Male swan 'adopts' eggs at Abbotsbury Swannery

First cygnet at Abbotsbury The hatching of the first cygnet is traditionally taken as the start of summer

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A male swan at Abbotsbury Swannery in Dorset has "adopted" the eggs of a female whose mate had died.

Swanherds said it was "highly unusual" for a cob not to to kill young that are not his own.

The first of hundreds of cygnets have begun hatching at the swannery, the only managed colony of nesting mute swans in the world.

It was established in the 11th Century, when Benedictine monks began farming the birds for their banquets.

'Very odd'

The pen (female swan) recently lost her mate when it was killed in a territorial dispute.

Swanherds put up a fence to protect her nest but another neighbouring cob swam downstream and has adopted her eggs as his own.

Deputy Swanherd Steve Groves said he had not seen such "very odd" behaviour in 25 years of working on the lagoon near Chesil Beach.

The mute swan

  • Cygnus olor
  • Native to Europe and Asia
  • Introduced to North America, southern Africa and Australia
  • The name derives from it being less vocal than other species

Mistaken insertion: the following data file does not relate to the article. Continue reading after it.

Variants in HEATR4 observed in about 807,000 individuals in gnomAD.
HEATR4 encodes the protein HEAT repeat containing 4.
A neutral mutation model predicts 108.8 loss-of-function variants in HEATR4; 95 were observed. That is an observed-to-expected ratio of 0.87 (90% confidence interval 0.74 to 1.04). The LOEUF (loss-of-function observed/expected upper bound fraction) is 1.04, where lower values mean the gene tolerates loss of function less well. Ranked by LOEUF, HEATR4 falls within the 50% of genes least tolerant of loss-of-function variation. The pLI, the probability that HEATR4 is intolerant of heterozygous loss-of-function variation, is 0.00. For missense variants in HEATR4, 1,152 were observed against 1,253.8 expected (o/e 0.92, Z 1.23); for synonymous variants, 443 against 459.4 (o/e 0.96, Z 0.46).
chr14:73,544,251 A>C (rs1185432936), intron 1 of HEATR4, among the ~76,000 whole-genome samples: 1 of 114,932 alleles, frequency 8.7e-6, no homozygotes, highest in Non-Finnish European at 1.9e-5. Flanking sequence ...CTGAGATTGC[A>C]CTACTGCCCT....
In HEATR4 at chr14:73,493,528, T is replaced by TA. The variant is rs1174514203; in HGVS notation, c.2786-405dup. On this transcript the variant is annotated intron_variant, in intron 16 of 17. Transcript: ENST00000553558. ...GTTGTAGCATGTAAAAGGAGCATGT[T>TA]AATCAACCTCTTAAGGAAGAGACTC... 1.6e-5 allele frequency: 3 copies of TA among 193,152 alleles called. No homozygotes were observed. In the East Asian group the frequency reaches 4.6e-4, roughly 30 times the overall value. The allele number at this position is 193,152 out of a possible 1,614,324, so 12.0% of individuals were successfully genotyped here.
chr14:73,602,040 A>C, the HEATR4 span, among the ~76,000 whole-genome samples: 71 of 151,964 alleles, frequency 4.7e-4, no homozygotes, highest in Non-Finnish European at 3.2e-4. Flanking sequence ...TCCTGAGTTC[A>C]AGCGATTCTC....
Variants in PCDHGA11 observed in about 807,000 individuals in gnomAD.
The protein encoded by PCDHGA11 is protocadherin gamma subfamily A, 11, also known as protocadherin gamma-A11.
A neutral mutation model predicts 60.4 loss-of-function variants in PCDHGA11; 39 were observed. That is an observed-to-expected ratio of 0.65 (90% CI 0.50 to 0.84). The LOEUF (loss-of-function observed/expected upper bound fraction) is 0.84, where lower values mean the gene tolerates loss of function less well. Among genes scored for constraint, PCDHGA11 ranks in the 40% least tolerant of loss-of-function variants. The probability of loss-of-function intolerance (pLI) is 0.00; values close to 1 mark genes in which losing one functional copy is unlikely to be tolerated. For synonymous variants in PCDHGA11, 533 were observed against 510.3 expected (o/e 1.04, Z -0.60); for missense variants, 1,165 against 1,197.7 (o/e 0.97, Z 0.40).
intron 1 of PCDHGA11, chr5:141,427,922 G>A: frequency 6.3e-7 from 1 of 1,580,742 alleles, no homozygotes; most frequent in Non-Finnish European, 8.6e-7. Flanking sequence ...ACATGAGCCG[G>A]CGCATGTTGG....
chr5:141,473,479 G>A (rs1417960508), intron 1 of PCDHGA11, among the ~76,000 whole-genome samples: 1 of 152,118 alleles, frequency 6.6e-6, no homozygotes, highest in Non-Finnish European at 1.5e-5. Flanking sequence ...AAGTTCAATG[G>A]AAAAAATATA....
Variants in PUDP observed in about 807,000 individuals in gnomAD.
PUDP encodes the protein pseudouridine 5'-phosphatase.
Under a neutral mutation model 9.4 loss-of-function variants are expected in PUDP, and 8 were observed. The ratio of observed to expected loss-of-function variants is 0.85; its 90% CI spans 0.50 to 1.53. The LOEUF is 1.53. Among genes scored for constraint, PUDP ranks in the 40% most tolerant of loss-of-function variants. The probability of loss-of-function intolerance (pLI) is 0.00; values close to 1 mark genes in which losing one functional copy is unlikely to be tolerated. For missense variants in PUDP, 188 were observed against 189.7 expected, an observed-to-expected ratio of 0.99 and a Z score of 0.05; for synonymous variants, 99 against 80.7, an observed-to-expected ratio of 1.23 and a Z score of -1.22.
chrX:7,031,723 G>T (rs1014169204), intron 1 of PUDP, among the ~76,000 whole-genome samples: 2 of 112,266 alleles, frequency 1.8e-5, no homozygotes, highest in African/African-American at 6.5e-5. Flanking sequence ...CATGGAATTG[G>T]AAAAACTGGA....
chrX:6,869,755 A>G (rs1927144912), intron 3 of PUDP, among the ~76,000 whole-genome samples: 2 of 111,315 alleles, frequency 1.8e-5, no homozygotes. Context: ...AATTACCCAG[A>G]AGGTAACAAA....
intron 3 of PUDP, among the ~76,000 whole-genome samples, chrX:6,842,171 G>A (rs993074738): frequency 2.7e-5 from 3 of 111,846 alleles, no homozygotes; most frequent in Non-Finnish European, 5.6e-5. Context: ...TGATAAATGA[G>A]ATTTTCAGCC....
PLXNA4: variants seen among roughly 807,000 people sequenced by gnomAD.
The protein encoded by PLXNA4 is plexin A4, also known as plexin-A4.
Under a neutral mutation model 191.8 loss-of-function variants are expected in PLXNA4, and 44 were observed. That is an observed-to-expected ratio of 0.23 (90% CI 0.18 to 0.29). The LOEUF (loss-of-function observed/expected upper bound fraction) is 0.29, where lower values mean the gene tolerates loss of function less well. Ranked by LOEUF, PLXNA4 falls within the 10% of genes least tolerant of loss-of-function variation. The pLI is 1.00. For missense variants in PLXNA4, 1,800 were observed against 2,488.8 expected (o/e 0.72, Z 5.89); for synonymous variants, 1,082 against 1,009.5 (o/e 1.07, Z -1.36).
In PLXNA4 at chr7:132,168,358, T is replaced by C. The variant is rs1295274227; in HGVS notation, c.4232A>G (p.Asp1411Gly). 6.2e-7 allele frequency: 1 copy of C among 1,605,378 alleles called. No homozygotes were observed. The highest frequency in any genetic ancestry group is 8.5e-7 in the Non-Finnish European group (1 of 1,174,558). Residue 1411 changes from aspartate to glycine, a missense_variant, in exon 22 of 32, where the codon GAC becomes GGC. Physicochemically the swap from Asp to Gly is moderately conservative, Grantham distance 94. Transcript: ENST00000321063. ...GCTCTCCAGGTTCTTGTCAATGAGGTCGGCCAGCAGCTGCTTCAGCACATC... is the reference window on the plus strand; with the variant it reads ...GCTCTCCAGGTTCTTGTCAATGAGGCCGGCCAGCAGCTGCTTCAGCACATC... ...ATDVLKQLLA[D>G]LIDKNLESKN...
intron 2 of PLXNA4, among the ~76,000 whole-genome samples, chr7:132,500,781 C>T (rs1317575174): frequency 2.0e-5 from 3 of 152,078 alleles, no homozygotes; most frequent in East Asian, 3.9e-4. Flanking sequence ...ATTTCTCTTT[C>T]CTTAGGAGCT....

• By tradition, all unmarked mute swans on the River Thames belong to the monarch
  • They are often found on ponds and rivers in parks and other urban areas

"This seems to go against what scientists call the 'selfish gene', where you would expect a cob to kill young that don't belong to him," he said.

"Staying true to the old adage that swans mate for life, we believe she will stay paired with him and next year he will be able to father his own cygnets with her."

The eggs are expected to hatch overnight.

About 100 breeding pairs of swans at Abbotsbury Swannery have produced about 500 eggs.

The hatching of the first cygnet is traditionally taken as a sign that summer has arrived.

This year first cygnet was born early on 16 May, while in 2012 the first one was born at the end of April.

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